Abstract

Multiple epidemiologic observations and meta-analysis clearly indicate the link between alcohol abuse and the incidence and progression of prostate cancer; however, the mechanism remains enigmatic. Recently, it was found that ethanol (EtOH) induces disorganization of the Golgi complex caused by impaired function of the largest Golgi matrix protein, giantin (GOLGB1), which, in turn, alters the Golgi docking of resident Golgi proteins. Here, it is determined that in normal prostate cells, histone deacetylase 6 (HDAC6), the known regulator of androgen receptor (AR) signaling, localizes in the cytoplasm and nucleus, while its kinase, glycogen synthase kinase b (GSK3b), primarily resides in the Golgi. Progression of prostate cancer is accompanied by Golgi scattering, translocation of GSK3b from the Golgi to the cytoplasm, and the cytoplasmic shift in HDAC6 localization. Alcohol dehydrogenase–generated metabolites induces Golgi disorganization in androgen-responsive LNCaP and 22Rv1 cells, facilitates tumor growth in a mouse xenograft model and activates anchorage-independent proliferation, migration, and cell adhesion. EtOH-treated cells demonstrate reduced giantin and subsequent cytoplasmic GSK3b; this phenomenon was validated in giantin-depleted cells. Redistribution of GSK3b to the cytoplasm results in phosphorylation of HDAC6 and its retention in the cytoplasm, which, in turn, stimulates deacetylation of HSP90, AR import into the nucleus, and secretion of prostate-specific antigen (PSA). Finally, the relationship between Golgi morphology, HDAC6 cytoplasmic content, and clinicopathologic features was assessed in human prostate cancer patient specimens with and without a history of alcohol dependence. Implications: This study demonstrates the importance of alcohol-induced Golgi fragmentation in the activation of AR-mediated proliferation.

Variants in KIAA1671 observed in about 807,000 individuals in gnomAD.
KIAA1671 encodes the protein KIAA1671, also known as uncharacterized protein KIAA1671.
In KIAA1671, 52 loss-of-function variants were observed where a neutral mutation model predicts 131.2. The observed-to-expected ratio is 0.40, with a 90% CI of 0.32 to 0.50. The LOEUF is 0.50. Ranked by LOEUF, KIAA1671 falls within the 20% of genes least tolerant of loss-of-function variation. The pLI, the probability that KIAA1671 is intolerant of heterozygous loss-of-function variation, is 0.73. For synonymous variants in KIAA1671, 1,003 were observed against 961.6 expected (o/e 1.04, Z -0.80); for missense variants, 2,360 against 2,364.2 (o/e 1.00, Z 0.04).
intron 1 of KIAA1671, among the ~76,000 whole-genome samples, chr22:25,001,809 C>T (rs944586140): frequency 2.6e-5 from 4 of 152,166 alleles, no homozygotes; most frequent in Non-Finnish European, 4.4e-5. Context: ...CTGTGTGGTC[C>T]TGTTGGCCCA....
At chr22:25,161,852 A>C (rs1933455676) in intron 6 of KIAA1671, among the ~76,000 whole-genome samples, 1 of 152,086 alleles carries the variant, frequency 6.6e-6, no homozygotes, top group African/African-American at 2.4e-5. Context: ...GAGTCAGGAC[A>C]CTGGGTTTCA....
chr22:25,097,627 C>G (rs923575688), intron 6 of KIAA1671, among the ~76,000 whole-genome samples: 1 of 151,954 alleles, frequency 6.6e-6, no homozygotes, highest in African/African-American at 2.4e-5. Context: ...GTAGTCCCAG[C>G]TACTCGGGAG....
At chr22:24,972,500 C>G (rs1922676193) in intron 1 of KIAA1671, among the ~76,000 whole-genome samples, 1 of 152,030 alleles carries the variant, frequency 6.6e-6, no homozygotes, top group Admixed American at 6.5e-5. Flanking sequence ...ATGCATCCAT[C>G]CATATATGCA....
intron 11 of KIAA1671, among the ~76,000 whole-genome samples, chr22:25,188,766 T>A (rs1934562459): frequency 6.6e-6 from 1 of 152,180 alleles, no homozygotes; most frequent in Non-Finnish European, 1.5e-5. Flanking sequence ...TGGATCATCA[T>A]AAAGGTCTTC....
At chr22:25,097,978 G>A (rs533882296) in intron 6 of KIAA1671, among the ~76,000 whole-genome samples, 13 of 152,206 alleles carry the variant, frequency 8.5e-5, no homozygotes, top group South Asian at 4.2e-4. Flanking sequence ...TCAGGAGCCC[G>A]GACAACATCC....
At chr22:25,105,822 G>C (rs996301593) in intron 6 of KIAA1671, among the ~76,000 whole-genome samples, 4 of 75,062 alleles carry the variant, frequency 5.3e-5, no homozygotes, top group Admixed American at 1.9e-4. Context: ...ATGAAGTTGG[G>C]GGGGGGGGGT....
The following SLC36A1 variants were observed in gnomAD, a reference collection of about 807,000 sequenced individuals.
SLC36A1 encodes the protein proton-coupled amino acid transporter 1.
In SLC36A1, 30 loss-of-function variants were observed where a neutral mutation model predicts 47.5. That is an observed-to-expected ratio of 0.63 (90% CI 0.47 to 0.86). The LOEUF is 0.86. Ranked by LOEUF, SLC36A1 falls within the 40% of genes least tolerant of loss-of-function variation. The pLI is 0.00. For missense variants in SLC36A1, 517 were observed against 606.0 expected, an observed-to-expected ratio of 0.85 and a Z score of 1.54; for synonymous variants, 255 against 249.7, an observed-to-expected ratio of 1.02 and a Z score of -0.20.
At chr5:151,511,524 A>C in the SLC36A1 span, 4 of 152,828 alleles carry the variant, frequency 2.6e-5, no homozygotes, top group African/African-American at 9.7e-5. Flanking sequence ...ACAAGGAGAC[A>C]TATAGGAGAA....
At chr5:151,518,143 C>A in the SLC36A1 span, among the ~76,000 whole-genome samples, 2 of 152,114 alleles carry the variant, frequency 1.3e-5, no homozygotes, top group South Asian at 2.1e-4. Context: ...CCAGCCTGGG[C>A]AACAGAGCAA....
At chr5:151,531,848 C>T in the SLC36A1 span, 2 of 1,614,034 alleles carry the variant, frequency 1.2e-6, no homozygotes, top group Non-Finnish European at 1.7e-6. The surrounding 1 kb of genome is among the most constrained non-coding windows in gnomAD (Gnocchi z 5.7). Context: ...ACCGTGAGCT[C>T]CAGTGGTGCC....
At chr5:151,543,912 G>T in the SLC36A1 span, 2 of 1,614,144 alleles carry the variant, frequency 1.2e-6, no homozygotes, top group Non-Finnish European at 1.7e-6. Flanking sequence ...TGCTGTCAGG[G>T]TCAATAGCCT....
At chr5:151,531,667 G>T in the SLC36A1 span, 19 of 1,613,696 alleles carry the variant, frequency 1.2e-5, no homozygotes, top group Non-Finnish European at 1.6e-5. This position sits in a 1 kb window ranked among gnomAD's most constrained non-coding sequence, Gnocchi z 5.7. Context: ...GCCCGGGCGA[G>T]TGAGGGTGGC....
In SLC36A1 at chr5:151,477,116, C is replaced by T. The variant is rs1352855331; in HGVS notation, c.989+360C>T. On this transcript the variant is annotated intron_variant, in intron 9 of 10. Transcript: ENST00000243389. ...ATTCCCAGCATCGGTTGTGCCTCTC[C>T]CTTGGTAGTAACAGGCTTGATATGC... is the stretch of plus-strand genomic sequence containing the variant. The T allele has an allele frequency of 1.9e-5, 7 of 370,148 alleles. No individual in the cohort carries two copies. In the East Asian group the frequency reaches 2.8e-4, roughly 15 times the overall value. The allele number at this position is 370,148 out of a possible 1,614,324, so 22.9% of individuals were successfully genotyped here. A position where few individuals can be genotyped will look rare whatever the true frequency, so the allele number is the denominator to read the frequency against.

Original languageEnglish (US)
Pages (from-to)225-237
Number of pages13
JournalMolecular Cancer Research
Volume17
Issue number1
DOIs
StatePublished - Jan 1 2019

ASJC Scopus subject areas

  • Molecular Biology
  • Oncology
  • Cancer Research

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